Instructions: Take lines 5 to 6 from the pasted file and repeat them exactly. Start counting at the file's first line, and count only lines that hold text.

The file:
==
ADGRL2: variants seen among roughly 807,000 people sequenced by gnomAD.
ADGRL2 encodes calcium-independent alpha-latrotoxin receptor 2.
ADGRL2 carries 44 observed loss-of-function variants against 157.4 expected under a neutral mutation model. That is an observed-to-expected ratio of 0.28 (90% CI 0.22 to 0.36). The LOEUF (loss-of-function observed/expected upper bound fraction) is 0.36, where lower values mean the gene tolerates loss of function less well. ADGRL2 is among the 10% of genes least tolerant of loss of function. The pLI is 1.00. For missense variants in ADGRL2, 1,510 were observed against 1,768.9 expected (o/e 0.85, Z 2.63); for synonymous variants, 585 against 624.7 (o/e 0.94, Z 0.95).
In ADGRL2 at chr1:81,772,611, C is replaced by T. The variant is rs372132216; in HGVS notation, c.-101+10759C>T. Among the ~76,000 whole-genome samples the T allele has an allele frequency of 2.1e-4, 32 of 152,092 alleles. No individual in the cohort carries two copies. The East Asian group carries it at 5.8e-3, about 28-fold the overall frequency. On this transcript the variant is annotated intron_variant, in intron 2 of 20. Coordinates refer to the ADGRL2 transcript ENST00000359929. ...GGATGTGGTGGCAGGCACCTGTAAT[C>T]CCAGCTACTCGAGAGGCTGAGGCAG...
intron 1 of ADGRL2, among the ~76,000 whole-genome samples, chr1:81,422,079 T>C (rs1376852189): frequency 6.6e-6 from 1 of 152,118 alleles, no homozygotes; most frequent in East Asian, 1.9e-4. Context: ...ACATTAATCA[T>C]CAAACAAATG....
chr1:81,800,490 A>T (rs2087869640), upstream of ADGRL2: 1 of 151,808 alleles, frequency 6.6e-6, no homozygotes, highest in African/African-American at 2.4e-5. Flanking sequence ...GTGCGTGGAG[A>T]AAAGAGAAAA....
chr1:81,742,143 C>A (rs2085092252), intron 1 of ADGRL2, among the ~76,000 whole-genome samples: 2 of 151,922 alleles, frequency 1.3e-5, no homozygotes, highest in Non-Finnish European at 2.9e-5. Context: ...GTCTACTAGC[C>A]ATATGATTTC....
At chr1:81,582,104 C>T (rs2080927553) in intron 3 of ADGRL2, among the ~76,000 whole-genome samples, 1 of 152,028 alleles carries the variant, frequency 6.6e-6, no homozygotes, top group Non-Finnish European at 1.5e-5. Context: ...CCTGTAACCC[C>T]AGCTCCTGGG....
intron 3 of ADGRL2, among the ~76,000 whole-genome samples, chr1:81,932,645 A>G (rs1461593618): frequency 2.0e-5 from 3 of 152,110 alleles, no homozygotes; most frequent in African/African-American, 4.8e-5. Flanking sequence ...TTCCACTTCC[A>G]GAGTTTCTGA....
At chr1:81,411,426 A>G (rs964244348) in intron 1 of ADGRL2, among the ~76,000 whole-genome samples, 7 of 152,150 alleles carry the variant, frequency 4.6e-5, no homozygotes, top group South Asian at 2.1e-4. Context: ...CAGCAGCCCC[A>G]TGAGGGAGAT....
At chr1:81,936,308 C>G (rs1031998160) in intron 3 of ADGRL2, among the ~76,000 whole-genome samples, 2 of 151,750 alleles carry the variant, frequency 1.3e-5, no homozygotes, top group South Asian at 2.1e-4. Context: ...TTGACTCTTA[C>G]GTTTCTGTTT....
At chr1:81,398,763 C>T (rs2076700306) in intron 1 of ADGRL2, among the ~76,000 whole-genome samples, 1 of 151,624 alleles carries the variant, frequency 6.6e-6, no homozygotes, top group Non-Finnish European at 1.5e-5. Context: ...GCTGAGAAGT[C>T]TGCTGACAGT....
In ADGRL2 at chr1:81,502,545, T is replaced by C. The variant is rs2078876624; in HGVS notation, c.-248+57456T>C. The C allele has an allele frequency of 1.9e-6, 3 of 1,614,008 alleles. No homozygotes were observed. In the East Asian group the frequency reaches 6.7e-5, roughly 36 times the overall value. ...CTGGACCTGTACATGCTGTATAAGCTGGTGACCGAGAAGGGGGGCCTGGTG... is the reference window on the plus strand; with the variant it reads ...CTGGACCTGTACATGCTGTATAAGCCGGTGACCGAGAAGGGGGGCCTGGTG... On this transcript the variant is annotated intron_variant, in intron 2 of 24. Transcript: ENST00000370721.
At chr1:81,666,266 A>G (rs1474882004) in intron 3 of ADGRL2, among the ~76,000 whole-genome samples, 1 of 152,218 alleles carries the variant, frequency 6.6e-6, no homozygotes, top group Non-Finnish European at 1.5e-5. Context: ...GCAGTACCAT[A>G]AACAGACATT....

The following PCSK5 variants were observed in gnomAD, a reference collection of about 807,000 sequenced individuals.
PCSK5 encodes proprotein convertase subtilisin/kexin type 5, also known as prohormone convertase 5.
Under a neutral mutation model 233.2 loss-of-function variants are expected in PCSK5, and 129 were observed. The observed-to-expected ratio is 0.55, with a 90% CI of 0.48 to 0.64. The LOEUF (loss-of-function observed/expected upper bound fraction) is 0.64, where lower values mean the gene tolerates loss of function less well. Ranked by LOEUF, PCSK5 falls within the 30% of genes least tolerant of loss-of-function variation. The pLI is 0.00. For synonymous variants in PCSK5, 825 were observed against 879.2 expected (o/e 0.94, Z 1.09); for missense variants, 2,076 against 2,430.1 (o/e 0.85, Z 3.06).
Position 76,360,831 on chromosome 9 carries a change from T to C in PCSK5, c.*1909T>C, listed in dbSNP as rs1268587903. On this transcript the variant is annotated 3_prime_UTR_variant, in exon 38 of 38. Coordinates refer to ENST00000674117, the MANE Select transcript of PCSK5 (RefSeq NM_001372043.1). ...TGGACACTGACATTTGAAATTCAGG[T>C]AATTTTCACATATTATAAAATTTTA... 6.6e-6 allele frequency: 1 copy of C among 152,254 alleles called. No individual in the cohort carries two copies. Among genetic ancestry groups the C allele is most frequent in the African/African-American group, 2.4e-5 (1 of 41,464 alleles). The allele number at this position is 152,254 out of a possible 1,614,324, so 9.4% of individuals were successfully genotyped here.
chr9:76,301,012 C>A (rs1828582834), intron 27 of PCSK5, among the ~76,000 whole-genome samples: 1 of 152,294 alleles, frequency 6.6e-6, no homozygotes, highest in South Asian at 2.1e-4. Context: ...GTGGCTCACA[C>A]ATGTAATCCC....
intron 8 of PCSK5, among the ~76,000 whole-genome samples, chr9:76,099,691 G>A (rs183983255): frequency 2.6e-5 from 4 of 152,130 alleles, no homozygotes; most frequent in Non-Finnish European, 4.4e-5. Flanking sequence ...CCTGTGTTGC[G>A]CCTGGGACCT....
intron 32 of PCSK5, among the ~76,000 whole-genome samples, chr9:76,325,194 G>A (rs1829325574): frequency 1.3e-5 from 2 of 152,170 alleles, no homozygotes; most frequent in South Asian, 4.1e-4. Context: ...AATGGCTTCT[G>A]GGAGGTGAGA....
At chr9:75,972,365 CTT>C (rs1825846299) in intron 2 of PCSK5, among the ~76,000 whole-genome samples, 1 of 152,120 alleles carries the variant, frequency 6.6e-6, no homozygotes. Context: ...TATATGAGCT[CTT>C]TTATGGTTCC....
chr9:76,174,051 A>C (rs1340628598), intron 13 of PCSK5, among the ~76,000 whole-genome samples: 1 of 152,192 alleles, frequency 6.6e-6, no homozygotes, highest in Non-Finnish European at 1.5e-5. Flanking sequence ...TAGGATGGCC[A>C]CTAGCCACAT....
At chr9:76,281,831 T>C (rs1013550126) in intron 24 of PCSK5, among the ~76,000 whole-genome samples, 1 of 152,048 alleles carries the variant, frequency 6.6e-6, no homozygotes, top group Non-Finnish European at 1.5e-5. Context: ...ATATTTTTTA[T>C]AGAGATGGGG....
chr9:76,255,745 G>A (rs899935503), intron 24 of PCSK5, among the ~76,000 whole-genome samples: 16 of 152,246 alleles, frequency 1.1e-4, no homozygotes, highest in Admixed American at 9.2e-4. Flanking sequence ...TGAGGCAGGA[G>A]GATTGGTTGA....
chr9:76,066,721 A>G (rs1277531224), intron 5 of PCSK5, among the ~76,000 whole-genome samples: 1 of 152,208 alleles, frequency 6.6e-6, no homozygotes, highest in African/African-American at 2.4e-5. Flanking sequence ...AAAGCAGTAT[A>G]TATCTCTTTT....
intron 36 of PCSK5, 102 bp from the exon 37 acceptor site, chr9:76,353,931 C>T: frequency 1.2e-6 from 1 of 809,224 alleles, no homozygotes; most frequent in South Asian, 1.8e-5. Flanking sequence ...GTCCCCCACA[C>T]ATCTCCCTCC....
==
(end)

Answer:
intron 1 of ADGRL2, among the ~76,000 whole-genome samples, chr1:81,422,079 T>C (rs1376852189): frequency 6.6e-6 from 1 of 152,118 alleles, no homozygotes; most frequent in East Asian, 1.9e-4. Context: ...ACATTAATCA[T>C]CAAACAAATG....
chr1:81,800,490 A>T (rs2087869640), upstream of ADGRL2: 1 of 151,808 alleles, frequency 6.6e-6, no homozygotes, highest in African/African-American at 2.4e-5. Flanking sequence ...GTGCGTGGAG[A>T]AAAGAGAAAA....